I know enough people who didn’t know "CHiPS" existed, either as a previously-established property or an upcoming movie. I live within a tight-enough circle of communications majors, journalists, artists, people of color and LGBT folks, that what I find out about is usually pretty out-of-the-way. We all keep tabs on what we do and do not consume, and in my particular case, that means that most of the movies I watch in theaters are at what you could call “niche” theaters. Your Alamo Drafthouses. Your Violet Crowns. The theaters whose repertoire tends to cover movies that film journalists tell their film journalists friends to go see, the gatekeeper films that determine where the medium is going. Y’know: movie snobs.
I didn’t see "Moonlight" at a Drafthouse or Violet Crown. I ended up seeing it at a regular multiplex, one that was trying to push its latest 3D surround sound entertainment chair in the lobby. One where the audience wasn’t 20-30-somethings talking about who they would be keeping an eye out for at South By Southwest, but by bored teenagers just looking for something to watch.
At the theater I wanted to see "Moonlight" in, the movie was sold out. At this one, a friend and I were the only ones in attendance. At the theater I wanted to see "Moonlight" in, I imagine we would’ve seen trailers for movies I was excited to see: "I Am Not Your Negro," "Get Out," maybe "Raw." These were all films I’d heard about from friends or seen on online film journals. But the trailers I saw were depressingly within the vein of what mainstream Hollywood has been pushing for the last decade: remakes, reboots, sequels, cash-ins, all established brands with recognizable names. There was a new "Beauty and the Beast" trailer, which I hadn’t seen at all but has been hyped on Facebook. There was a new "Pirates of the Caribbean," which I had assumed had just quietly died as a franchise years ago, long before Johnny Depp put on that stupid dead bird hat. There was a trailer for the 5th "Transformers" movie, because of course there was: there is no loving God in this universe. And then there was "CHiPS." "Moonlight," by comparison, stuck out like a sore thumb.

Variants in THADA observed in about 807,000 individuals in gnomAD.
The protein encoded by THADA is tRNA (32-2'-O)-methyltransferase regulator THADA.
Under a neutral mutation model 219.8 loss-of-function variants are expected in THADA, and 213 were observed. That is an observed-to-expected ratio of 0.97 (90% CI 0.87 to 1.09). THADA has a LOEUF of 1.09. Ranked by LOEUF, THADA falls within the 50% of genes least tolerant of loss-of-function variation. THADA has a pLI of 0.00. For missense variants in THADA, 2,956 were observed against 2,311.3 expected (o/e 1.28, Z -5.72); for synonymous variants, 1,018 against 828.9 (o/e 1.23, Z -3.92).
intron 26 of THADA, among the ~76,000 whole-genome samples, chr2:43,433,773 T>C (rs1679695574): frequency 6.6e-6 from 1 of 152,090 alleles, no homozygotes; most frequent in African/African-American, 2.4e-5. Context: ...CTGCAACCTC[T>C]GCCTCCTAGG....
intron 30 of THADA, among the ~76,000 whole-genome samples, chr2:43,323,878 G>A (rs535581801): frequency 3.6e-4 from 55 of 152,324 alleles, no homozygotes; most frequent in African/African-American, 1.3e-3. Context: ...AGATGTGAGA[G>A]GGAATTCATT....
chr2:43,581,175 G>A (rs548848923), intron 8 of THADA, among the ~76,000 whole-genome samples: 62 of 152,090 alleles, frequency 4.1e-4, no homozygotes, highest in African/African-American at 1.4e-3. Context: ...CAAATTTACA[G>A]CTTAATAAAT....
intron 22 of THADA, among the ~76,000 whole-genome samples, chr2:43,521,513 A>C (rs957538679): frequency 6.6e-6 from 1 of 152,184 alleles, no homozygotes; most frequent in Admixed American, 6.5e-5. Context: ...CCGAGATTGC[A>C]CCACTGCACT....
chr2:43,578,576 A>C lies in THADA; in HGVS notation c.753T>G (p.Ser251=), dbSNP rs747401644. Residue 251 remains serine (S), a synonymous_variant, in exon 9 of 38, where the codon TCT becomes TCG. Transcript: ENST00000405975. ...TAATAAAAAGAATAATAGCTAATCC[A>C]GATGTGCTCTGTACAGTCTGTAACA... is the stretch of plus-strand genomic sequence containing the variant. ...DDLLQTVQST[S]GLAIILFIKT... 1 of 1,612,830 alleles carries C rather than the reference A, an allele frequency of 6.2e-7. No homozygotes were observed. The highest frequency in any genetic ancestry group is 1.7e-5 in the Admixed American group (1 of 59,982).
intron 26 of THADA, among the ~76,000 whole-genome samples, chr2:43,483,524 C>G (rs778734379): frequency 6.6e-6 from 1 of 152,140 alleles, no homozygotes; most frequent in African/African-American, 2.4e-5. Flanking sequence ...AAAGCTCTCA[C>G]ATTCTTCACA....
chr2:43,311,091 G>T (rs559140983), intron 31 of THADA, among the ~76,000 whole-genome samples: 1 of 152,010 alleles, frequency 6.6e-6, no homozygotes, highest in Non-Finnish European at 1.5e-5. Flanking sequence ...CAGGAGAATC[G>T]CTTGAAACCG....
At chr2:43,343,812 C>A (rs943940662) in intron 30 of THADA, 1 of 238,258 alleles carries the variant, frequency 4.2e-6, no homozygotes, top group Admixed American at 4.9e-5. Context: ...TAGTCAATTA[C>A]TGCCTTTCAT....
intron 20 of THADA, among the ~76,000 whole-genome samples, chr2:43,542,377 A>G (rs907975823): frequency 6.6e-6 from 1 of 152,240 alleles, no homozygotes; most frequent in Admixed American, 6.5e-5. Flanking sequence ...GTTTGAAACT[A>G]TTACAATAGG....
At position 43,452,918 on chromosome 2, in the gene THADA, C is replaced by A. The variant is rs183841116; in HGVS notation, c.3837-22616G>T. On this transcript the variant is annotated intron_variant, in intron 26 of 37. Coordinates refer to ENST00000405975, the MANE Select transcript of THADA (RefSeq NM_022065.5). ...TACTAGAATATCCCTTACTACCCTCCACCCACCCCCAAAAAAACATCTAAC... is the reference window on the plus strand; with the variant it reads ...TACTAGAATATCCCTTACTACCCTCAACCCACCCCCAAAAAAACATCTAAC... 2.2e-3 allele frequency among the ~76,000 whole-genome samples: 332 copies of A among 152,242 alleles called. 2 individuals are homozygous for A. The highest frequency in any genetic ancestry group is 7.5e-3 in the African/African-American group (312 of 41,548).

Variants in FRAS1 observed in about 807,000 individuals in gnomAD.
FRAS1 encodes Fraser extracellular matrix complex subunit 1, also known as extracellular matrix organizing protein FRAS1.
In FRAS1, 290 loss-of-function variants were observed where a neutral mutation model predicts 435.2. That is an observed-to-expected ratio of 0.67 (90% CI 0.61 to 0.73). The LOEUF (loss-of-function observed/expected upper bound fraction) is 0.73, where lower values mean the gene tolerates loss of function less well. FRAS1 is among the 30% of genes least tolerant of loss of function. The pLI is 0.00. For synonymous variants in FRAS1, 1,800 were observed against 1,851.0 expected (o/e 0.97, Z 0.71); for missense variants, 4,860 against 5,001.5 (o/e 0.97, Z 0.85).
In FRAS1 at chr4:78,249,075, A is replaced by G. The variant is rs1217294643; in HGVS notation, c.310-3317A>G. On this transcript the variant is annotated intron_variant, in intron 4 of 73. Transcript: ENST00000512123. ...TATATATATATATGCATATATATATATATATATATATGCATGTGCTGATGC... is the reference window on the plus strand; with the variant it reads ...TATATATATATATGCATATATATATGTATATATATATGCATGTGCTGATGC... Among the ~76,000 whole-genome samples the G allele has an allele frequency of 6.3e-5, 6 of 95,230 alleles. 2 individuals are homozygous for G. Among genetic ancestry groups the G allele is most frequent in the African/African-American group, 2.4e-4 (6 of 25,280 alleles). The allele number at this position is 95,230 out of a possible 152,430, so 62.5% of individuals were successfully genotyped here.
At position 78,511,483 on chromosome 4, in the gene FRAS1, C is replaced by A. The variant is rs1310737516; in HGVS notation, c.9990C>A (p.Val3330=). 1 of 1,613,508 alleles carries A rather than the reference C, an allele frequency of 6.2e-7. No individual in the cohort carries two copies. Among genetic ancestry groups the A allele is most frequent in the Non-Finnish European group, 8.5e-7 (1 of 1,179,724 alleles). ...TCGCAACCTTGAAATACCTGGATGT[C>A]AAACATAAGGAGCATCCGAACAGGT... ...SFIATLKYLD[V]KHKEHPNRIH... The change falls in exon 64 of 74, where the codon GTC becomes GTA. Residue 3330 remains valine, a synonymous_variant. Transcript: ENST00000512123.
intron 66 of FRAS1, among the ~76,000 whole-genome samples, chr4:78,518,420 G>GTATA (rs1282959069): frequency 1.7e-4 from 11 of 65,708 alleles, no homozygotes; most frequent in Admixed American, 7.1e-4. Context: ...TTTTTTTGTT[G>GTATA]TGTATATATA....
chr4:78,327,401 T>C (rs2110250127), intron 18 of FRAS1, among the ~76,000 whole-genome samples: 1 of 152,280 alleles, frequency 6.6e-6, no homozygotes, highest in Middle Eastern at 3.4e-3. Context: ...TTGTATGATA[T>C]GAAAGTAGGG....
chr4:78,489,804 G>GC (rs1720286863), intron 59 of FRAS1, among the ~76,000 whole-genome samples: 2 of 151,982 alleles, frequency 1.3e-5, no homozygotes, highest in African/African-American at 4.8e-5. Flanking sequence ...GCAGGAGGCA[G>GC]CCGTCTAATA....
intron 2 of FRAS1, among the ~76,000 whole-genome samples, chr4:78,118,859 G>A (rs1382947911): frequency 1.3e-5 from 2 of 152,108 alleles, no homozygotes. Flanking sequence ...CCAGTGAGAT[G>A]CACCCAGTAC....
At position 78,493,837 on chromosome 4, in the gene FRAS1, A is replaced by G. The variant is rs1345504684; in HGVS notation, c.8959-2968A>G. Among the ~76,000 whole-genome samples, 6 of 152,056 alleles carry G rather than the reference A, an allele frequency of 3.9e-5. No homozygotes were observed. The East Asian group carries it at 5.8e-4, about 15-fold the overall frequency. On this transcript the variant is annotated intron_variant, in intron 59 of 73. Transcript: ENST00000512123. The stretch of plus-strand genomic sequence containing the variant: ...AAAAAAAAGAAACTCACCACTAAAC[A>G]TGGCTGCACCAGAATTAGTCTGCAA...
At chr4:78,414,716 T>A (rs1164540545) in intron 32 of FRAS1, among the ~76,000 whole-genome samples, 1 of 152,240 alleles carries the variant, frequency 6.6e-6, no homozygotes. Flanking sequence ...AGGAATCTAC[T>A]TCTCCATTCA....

The experience was a vague, quiet culture-shock and a deadening reminder that for everything that changes, everything stays the same. "Moonlight," in theory, should represent a Hollywood changing its tune in regards to diversity of talent and storytelling. That doesn’t mean it does – we are talking about a movie whose director, Barry Jenkins, had to share his Variety cover with director Damien Chazelle after Chazelle’s "La La Land" was mistakenly given the Best Picture Oscar that "Moonlight" had actually won. Because oh no, those sweet white people had to give back the awards they didn’t win and oh aren’t they just so nice and graceful in conceding those awards they didn’t win.